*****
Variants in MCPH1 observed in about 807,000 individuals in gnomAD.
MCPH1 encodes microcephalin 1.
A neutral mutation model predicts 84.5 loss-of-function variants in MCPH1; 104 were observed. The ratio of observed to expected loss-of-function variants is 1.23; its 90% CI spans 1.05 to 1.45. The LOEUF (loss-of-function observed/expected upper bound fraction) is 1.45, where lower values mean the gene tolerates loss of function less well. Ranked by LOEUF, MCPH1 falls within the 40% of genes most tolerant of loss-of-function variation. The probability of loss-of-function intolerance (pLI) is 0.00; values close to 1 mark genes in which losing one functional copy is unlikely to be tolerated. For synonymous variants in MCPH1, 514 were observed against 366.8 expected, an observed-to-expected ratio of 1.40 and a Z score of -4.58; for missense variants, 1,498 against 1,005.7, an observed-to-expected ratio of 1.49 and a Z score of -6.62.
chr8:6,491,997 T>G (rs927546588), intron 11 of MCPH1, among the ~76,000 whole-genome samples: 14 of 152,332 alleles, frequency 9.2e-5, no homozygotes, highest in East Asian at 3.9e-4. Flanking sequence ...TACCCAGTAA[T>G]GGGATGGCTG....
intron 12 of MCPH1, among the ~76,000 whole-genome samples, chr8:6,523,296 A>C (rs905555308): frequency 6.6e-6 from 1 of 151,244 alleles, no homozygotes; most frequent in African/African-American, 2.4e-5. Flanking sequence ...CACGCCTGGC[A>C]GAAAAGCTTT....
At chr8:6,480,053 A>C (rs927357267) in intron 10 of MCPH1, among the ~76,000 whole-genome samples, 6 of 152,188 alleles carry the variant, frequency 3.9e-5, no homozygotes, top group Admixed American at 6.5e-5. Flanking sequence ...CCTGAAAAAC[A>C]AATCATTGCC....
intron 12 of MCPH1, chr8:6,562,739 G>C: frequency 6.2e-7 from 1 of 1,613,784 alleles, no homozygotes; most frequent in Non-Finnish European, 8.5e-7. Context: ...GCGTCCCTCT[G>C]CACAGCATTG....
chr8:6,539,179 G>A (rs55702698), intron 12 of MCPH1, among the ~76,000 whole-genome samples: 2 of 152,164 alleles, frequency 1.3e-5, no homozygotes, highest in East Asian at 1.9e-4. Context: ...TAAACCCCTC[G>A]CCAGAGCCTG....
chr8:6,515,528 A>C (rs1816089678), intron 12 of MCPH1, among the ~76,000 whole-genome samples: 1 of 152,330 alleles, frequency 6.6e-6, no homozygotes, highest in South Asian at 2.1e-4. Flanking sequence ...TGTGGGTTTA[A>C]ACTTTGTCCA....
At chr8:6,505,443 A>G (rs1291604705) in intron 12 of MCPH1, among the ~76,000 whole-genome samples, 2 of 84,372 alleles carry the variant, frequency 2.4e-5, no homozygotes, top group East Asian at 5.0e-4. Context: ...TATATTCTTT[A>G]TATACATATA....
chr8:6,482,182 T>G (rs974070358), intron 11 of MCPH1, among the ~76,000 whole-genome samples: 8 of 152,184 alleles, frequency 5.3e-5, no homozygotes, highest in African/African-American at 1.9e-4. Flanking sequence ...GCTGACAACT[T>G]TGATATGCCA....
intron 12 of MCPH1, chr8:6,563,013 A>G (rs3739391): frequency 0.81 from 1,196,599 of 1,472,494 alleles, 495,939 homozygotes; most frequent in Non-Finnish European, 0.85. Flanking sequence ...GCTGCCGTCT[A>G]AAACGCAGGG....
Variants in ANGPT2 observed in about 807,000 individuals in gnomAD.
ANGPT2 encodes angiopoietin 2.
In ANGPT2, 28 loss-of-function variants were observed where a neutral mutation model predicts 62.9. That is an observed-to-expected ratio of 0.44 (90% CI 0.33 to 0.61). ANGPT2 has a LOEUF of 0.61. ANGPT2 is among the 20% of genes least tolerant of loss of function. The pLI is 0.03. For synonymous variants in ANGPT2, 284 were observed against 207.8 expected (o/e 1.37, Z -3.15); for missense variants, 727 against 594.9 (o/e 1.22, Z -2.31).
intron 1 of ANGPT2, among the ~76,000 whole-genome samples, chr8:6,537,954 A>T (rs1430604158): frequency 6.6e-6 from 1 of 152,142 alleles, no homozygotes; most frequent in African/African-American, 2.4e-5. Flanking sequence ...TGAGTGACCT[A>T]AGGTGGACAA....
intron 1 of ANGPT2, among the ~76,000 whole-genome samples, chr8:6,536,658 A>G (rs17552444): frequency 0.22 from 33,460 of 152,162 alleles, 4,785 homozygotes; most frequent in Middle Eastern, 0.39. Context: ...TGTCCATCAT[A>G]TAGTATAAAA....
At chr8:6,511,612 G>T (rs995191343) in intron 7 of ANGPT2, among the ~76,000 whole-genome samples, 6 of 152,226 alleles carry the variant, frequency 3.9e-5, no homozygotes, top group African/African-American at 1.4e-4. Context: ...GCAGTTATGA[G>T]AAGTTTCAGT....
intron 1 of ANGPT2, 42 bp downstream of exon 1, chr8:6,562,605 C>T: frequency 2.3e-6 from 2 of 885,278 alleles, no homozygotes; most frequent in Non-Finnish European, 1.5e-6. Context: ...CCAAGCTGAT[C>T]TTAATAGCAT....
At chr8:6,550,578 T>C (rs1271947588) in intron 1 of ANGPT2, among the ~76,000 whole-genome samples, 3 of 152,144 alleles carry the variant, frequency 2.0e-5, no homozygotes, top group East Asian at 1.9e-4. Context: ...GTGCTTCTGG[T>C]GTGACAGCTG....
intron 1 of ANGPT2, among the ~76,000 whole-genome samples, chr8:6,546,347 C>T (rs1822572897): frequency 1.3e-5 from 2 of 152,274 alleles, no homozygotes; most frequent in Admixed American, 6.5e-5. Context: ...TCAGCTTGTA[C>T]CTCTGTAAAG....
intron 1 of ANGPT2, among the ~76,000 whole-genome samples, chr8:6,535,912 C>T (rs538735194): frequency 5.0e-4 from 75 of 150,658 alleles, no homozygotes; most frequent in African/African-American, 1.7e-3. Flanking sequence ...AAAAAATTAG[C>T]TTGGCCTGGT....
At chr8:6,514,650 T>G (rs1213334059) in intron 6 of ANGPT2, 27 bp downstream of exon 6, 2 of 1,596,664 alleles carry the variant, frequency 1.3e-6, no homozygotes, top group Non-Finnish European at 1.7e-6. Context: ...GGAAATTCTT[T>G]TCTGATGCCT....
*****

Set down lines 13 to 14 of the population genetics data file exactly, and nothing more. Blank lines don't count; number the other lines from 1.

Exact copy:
Variants in ANGPT2 observed in about 807,000 individuals in gnomAD.
ANGPT2 encodes angiopoietin 2.